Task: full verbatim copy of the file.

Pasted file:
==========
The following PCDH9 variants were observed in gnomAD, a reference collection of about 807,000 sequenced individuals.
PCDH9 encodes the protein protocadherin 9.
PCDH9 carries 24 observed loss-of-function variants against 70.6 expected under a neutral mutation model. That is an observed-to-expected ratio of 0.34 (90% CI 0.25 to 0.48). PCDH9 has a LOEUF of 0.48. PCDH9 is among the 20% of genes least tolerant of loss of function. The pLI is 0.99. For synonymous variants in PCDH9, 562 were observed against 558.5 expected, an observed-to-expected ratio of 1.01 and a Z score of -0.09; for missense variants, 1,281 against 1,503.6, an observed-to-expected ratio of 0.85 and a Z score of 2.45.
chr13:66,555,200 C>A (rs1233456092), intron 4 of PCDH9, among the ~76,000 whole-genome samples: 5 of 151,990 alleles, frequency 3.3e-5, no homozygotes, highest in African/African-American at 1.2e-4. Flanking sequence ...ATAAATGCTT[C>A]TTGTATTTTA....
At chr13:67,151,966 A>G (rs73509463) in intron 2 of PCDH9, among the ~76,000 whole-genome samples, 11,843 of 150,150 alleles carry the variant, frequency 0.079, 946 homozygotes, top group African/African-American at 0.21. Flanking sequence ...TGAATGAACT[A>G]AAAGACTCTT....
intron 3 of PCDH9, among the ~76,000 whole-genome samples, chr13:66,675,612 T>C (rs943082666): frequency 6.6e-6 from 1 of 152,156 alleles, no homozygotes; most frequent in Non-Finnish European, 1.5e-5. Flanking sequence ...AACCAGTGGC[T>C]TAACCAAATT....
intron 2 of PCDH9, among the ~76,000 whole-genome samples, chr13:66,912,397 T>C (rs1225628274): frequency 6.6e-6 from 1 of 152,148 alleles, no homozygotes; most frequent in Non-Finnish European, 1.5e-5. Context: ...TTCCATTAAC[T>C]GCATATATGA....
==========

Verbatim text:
The following PCDH9 variants were observed in gnomAD, a reference collection of about 807,000 sequenced individuals.
PCDH9 encodes the protein protocadherin 9.
PCDH9 carries 24 observed loss-of-function variants against 70.6 expected under a neutral mutation model. That is an observed-to-expected ratio of 0.34 (90% CI 0.25 to 0.48). PCDH9 has a LOEUF of 0.48. PCDH9 is among the 20% of genes least tolerant of loss of function. The pLI is 0.99. For synonymous variants in PCDH9, 562 were observed against 558.5 expected, an observed-to-expected ratio of 1.01 and a Z score of -0.09; for missense variants, 1,281 against 1,503.6, an observed-to-expected ratio of 0.85 and a Z score of 2.45.
chr13:66,555,200 C>A (rs1233456092), intron 4 of PCDH9, among the ~76,000 whole-genome samples: 5 of 151,990 alleles, frequency 3.3e-5, no homozygotes, highest in African/African-American at 1.2e-4. Flanking sequence ...ATAAATGCTT[C>A]TTGTATTTTA....
At chr13:67,151,966 A>G (rs73509463) in intron 2 of PCDH9, among the ~76,000 whole-genome samples, 11,843 of 150,150 alleles carry the variant, frequency 0.079, 946 homozygotes, top group African/African-American at 0.21. Flanking sequence ...TGAATGAACT[A>G]AAAGACTCTT....
intron 3 of PCDH9, among the ~76,000 whole-genome samples, chr13:66,675,612 T>C (rs943082666): frequency 6.6e-6 from 1 of 152,156 alleles, no homozygotes; most frequent in Non-Finnish European, 1.5e-5. Flanking sequence ...AACCAGTGGC[T>C]TAACCAAATT....
intron 2 of PCDH9, among the ~76,000 whole-genome samples, chr13:66,912,397 T>C (rs1225628274): frequency 6.6e-6 from 1 of 152,148 alleles, no homozygotes; most frequent in Non-Finnish European, 1.5e-5. Context: ...TTCCATTAAC[T>C]GCATATATGA....